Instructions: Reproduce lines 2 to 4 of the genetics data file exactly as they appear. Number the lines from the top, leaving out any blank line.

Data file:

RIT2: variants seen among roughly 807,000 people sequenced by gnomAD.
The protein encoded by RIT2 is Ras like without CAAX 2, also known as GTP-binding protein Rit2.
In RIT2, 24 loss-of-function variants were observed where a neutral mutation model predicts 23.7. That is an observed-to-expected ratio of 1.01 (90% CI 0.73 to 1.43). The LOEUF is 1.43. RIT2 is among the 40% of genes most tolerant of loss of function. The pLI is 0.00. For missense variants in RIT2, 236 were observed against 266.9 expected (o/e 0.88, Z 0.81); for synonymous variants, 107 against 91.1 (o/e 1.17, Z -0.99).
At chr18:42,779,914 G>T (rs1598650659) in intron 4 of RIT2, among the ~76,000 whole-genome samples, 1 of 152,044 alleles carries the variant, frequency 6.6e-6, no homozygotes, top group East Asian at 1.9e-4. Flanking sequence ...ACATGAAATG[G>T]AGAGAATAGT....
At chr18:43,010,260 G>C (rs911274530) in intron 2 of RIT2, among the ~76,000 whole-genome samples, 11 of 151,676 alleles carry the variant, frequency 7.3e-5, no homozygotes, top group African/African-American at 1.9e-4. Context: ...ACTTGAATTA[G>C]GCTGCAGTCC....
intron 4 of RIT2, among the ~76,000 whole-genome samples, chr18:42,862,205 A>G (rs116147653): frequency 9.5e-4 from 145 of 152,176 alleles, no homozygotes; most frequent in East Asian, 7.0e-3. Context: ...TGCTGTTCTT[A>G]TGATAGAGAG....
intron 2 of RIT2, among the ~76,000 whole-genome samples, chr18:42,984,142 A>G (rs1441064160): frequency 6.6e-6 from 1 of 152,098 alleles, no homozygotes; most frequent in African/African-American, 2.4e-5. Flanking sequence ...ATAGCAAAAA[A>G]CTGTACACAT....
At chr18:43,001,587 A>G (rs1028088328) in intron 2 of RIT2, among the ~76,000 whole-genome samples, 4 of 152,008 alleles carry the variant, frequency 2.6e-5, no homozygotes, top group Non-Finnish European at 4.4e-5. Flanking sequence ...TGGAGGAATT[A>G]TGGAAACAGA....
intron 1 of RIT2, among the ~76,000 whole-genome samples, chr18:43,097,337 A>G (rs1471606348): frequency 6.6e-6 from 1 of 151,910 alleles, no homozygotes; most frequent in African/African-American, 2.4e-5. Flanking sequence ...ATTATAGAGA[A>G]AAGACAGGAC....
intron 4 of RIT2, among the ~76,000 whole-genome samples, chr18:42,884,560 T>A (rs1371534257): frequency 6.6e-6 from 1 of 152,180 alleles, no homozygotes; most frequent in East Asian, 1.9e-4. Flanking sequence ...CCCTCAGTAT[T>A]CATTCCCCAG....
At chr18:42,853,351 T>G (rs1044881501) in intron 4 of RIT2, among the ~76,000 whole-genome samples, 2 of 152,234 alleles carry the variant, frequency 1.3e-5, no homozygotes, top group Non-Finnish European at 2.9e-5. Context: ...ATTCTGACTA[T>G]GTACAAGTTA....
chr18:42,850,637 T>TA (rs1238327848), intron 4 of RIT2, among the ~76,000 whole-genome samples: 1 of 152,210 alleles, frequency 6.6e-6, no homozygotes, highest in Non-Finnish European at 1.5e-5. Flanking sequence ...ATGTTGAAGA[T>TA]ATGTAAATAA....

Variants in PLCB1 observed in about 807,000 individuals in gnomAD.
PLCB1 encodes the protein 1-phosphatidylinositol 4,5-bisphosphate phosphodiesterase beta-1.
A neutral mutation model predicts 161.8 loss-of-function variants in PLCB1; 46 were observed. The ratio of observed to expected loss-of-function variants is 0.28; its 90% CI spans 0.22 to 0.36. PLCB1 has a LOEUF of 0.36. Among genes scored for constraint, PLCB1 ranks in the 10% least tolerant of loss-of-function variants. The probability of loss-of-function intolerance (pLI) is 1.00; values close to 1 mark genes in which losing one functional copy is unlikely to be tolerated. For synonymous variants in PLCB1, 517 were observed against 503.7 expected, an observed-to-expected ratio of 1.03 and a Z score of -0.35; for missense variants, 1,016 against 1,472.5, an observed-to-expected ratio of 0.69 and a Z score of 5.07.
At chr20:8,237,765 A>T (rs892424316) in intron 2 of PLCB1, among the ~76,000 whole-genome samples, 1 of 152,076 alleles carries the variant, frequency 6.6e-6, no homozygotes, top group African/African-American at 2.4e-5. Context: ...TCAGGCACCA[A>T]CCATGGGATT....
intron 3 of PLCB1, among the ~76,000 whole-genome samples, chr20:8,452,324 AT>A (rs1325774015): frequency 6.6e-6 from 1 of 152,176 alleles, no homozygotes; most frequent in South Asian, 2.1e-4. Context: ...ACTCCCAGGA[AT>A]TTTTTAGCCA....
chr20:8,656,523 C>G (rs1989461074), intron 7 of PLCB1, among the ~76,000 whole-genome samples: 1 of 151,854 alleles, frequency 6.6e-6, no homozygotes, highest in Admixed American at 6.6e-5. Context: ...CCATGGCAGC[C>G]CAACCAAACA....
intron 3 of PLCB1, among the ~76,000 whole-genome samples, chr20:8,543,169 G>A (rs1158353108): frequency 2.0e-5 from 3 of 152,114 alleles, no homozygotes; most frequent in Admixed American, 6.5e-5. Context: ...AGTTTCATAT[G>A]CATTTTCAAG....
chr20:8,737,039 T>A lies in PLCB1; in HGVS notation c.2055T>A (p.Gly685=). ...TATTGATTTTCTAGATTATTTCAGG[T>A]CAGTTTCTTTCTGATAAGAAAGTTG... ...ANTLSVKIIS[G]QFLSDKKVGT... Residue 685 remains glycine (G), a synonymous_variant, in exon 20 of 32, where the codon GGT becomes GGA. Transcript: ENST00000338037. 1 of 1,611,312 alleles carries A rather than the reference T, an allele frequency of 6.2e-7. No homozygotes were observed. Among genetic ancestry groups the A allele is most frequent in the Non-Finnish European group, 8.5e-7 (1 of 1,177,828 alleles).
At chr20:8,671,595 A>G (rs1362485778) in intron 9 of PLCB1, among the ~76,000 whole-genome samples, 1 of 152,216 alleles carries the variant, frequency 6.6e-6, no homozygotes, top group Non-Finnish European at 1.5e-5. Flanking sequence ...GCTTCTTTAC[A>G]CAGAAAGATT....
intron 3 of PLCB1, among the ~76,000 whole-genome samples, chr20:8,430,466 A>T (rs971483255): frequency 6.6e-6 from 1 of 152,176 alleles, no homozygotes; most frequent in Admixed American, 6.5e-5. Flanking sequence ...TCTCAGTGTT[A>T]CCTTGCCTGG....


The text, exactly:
The protein encoded by RIT2 is Ras like without CAAX 2, also known as GTP-binding protein Rit2.
In RIT2, 24 loss-of-function variants were observed where a neutral mutation model predicts 23.7. That is an observed-to-expected ratio of 1.01 (90% CI 0.73 to 1.43). The LOEUF is 1.43. RIT2 is among the 40% of genes most tolerant of loss of function. The pLI is 0.00. For missense variants in RIT2, 236 were observed against 266.9 expected (o/e 0.88, Z 0.81); for synonymous variants, 107 against 91.1 (o/e 1.17, Z -0.99).
At chr18:42,779,914 G>T (rs1598650659) in intron 4 of RIT2, among the ~76,000 whole-genome samples, 1 of 152,044 alleles carries the variant, frequency 6.6e-6, no homozygotes, top group East Asian at 1.9e-4. Flanking sequence ...ACATGAAATG[G>T]AGAGAATAGT....